Fluoride is a common ingredient used to prevent tooth decay, and it can be found in many products, such as toothpaste, water, mouthwashes, and varnish. Toothpaste comes in both fluoride and fluoride-free versions, so any fluoridated toothpaste is usually labeled and contains about 0.5 mg of fluoride per gram of toothpaste.
Dental professionals recommend brushing your teeth for 2 minutes twice a day using toothpaste that contains fluoride, with a typical strength of 1000 to 1500 parts per million (ppm), which is the equivalent of 1 – 1.5 mg per gram.
Consider that a pea-sized portion of toothpaste, weighing about 0.75 g, contains around 0.4 mg of fluoride, whereas a full-cover portion of toothpaste, weighing about 2.25 g, contains around 1.0 mg of fluoride.
So, someone diligently brushing their teeth twice a day with a fluoridated toothpaste could deliver 0.8 to 2.0 mg of fluoride per day, depending on the specific regimen used.
Although the maximum allowable fluoride concentration varies by age and country, toothpaste with higher fluoride levels can increase the risk of swallowing it, which could lead to excessive fluoride intake and increased risk of fluorosis.
How fluoride toothpaste works
Fluoride toothpaste works on your body in one of two ways: topically or systemically.
When we brush our teeth with a fluoridated toothpaste, the fluoride acts topically to protect our teeth and prevent tooth decay. Plaque, which is a sticky film of bacteria on our teeth, feeds on sugar and food residues to produce acid. This acid can dissolve the surface of our teeth, a process called demineralization.
The topical effect of fluoride has the greatest effect on preventing cavities. Fluoride:
- Prevents plaque by killing or inhibiting bacteria and making them less able to produce acid.
- Prevents demineralization by fusing into crystals on the surface of the tooth, which improves the ability of enamel to resist acid
- Enhances enamel remineralization, which is the process of replacing minerals lost during demineralization. So fluoride speeds up this process while integrating fluoride in the minerals, which makes tooth enamel less soluble to acid.
Therefore, topical fluoride helps to keep our teeth healthy and strong by protecting them from decay caused by acid produced by bacteria in plaque.
Systemic fluoride, on the other hand, has no effect on cavities since it is ingested. However, research suggests that it interferes with the remineralization process, which makes it responsible for the development of fluorosis.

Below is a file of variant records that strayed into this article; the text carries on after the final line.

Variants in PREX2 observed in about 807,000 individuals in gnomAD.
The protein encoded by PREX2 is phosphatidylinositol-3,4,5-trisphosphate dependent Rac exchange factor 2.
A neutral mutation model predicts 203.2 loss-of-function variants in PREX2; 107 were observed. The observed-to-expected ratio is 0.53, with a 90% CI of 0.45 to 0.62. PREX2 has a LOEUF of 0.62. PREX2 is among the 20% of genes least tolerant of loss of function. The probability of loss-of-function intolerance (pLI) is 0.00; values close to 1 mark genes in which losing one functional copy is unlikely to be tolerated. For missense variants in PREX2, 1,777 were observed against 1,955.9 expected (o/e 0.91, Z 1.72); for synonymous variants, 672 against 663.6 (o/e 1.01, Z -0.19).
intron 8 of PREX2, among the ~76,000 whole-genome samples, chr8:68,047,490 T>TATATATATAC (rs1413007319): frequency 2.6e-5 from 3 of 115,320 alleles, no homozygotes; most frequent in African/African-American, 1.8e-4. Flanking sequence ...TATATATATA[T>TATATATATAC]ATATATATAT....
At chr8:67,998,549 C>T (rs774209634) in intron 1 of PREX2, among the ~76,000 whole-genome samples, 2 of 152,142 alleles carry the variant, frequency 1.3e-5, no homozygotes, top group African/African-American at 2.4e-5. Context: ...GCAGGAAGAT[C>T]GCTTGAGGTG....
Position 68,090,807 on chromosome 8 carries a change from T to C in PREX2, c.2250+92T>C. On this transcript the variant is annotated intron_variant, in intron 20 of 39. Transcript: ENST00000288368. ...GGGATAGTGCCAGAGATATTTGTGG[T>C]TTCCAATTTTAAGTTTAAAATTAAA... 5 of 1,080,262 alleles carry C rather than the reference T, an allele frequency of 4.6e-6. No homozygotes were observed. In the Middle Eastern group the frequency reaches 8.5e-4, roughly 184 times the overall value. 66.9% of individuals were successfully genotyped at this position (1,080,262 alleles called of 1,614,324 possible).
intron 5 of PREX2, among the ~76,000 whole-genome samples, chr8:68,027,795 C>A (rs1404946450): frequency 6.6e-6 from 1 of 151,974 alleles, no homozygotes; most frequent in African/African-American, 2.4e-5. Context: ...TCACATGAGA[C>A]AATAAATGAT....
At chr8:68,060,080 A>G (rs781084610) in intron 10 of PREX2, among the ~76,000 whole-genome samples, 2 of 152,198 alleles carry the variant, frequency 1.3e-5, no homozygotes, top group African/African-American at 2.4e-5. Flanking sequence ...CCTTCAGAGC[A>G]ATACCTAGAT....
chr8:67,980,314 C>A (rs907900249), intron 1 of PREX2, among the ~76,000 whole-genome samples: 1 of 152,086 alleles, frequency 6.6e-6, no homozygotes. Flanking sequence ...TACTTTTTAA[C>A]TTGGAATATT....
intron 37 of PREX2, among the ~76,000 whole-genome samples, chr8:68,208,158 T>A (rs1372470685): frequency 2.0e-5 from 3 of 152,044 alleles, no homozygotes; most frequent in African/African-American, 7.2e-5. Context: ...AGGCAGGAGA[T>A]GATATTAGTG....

This is why you should avoid swallowing toothpaste, and only use a small amount that is sufficient to clean the teeth.
How much toothpaste should you use?
Most of the toothpastes available in the US (about 90% of them) contain fluoride in the form of monofluorophosphate or sodium fluoride, at about 1,000 ppm. The amount that you ingest when brushing depends on various factors, including:
- The amount used
- Your swallowing control
- How many times you brush with toothpaste
There is no research on the actual amount of Fluoride (F) that you’d have to consume for fluorosis to occur. That said, dental professionals agree on a threshold of 0.05 – 0.07 mg of Fluoride per KG or body weight for the individual user.
Some toothpaste tubes recommend covering the bristles with toothpaste.
A child‐sized toothbrush covered with a full strip of toothpaste holds approximately 0.75 g to 1.0 g of toothpaste, and each gram of fluoride toothpaste, contains approximately 1.0 mg of fluoride.
Children aged less than 6 years may swallow an estimated 0.3 g of toothpaste per brushing, which translates to 0.3 mg of fluoride, and can unconsciously swallow as much as 0.8 g.
The amount ingested on a daily basis may vary as follows:
- 1 to 0.3 mg for infants and children aged 0 to 6 years
- 2 to 0.3 mg for children ages 6 to 12 years
- 1 mg for adults
As a result, it is generally recommended that children aged 6 years and below be supervised when brushing their teeth with fluoride toothpaste, and only a ‘pea‐sized’ amount of the toothpaste should be used for children aged 3 – 6 years, and a smear for children under 3 years, to avoid symptoms associated with high fluoride in toothpaste.
If you’re concerned about using a fluoride toothpaste due to the risks, you can consider various alternatives as discussed “here”.
That said, it’s not necessarily better to use a fluoride-free or low-fluoride toothpaste. Rather, using a small amount of normal fluoridated toothpaste as required is better than using a fluoride-free or low-fluoride toothpaste.
Keep in mind that fluoride is important for dental health as it helps to strengthen tooth enamel, making it more resistant to decay. Research has shown that using fluoride toothpaste is effective in preventing cavities and improving overall dental health.
Fluoride-free toothpaste or toothpaste with low fluoride content may not be as effective in preventing tooth decay as they lack the concentration of fluoride required to strengthen the enamel. Also, some toothpastes with low fluoride content may not contain enough fluoride to provide significant protection against tooth decay.
Additionally, some people may not brush their teeth as frequently or as effectively with fluoride-free or low-fluoride toothpaste, which can further contribute to tooth decay.
In conclusion, using normal fluoridated toothpaste as required is the best option for maintaining dental health and preventing tooth decay.